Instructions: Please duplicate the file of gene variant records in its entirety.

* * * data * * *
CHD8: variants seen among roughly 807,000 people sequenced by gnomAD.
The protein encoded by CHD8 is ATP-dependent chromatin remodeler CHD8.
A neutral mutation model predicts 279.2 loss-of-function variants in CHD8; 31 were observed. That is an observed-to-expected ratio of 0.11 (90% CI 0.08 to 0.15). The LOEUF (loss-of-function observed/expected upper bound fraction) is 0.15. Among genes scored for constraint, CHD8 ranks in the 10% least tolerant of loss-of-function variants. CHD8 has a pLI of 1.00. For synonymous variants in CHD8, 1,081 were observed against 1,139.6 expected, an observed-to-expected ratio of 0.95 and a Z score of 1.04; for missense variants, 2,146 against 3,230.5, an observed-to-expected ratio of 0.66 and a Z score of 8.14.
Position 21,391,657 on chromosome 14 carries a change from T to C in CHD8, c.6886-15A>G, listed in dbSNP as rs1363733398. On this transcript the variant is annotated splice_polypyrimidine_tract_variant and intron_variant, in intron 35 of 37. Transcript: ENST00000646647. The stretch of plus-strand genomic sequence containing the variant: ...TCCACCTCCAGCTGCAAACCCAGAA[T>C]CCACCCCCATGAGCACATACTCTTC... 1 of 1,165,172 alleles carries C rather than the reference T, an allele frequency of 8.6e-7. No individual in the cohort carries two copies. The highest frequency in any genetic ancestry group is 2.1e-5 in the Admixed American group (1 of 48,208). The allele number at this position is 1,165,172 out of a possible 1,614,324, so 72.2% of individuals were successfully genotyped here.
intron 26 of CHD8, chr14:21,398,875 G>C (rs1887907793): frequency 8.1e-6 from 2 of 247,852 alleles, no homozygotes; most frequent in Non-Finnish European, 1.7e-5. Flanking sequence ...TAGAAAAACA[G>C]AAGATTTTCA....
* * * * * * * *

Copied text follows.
CHD8: variants seen among roughly 807,000 people sequenced by gnomAD.
The protein encoded by CHD8 is ATP-dependent chromatin remodeler CHD8.
A neutral mutation model predicts 279.2 loss-of-function variants in CHD8; 31 were observed. That is an observed-to-expected ratio of 0.11 (90% CI 0.08 to 0.15). The LOEUF (loss-of-function observed/expected upper bound fraction) is 0.15. Among genes scored for constraint, CHD8 ranks in the 10% least tolerant of loss-of-function variants. CHD8 has a pLI of 1.00. For synonymous variants in CHD8, 1,081 were observed against 1,139.6 expected, an observed-to-expected ratio of 0.95 and a Z score of 1.04; for missense variants, 2,146 against 3,230.5, an observed-to-expected ratio of 0.66 and a Z score of 8.14.
Position 21,391,657 on chromosome 14 carries a change from T to C in CHD8, c.6886-15A>G, listed in dbSNP as rs1363733398. On this transcript the variant is annotated splice_polypyrimidine_tract_variant and intron_variant, in intron 35 of 37. Transcript: ENST00000646647. The stretch of plus-strand genomic sequence containing the variant: ...TCCACCTCCAGCTGCAAACCCAGAA[T>C]CCACCCCCATGAGCACATACTCTTC... 1 of 1,165,172 alleles carries C rather than the reference T, an allele frequency of 8.6e-7. No individual in the cohort carries two copies. The highest frequency in any genetic ancestry group is 2.1e-5 in the Admixed American group (1 of 48,208). The allele number at this position is 1,165,172 out of a possible 1,614,324, so 72.2% of individuals were successfully genotyped here.
intron 26 of CHD8, chr14:21,398,875 G>C (rs1887907793): frequency 8.1e-6 from 2 of 247,852 alleles, no homozygotes; most frequent in Non-Finnish European, 1.7e-5. Flanking sequence ...TAGAAAAACA[G>C]AAGATTTTCA....